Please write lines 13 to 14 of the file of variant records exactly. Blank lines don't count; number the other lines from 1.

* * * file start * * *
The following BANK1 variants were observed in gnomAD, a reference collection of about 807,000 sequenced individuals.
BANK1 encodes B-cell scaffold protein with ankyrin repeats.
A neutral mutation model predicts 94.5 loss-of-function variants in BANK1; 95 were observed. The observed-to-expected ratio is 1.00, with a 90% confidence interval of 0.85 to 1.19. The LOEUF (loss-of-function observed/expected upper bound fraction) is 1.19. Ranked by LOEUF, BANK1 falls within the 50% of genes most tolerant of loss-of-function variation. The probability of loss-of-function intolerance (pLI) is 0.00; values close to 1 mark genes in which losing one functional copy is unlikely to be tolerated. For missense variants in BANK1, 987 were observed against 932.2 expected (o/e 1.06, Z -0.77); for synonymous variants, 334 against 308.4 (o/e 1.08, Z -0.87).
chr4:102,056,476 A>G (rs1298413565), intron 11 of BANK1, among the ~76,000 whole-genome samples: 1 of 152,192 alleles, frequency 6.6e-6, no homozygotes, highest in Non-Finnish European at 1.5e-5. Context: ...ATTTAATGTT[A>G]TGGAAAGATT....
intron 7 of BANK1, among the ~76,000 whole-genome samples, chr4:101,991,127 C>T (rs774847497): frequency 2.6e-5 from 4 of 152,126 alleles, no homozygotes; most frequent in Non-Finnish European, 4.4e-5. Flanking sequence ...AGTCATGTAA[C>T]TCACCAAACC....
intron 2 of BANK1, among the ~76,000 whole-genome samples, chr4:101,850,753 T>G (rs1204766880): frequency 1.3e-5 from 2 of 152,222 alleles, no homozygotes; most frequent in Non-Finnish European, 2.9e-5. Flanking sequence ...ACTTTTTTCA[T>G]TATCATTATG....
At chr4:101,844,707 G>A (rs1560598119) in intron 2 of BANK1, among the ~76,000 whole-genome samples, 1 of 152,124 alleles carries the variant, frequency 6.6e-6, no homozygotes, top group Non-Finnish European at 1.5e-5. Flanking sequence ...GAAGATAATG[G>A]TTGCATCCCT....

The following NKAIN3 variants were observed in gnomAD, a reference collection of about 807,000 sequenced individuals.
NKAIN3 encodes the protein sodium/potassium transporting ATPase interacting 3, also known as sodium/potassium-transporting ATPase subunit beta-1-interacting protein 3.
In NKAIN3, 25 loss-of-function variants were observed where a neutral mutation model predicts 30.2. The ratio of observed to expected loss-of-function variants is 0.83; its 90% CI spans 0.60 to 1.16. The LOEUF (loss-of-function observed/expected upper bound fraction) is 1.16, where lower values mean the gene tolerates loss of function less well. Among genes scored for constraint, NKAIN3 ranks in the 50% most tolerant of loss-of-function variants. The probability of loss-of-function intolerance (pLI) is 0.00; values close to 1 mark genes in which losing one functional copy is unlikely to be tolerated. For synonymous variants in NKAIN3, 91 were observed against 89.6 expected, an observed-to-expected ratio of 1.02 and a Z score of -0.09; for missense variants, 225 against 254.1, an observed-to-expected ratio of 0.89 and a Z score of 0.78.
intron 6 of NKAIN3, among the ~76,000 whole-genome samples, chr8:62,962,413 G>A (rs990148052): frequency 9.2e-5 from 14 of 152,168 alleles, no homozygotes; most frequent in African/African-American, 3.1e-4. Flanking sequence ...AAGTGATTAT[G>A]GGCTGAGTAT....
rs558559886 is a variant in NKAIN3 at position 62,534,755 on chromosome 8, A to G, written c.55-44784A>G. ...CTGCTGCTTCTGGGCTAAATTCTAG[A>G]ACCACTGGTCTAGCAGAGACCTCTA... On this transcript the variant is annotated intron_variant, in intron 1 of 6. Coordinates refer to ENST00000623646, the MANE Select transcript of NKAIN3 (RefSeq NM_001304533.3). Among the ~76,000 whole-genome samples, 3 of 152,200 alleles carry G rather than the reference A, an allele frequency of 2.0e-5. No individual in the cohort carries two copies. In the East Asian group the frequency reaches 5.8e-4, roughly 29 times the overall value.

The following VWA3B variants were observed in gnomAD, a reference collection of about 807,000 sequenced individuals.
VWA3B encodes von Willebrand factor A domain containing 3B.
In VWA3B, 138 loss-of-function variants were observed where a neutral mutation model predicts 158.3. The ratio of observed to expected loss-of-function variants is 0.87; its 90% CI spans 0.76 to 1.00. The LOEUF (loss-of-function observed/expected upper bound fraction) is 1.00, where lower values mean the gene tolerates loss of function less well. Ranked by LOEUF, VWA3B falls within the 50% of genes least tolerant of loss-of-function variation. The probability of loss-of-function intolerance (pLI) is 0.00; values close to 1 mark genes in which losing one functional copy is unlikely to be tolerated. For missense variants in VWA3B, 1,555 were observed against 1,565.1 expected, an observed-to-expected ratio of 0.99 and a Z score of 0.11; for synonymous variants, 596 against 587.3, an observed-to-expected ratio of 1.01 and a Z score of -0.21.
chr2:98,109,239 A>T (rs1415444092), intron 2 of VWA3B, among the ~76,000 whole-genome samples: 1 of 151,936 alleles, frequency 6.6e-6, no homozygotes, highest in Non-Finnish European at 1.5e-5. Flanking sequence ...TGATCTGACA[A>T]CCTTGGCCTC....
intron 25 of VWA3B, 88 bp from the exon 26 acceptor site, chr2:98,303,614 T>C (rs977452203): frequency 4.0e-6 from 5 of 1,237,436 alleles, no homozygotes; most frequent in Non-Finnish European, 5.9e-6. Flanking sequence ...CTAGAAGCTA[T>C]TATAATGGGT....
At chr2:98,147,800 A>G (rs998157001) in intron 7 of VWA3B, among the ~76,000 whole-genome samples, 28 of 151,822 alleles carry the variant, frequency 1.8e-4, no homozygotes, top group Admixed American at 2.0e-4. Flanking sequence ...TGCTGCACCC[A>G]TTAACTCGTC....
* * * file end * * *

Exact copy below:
The following VWA3B variants were observed in gnomAD, a reference collection of about 807,000 sequenced individuals.
VWA3B encodes von Willebrand factor A domain containing 3B.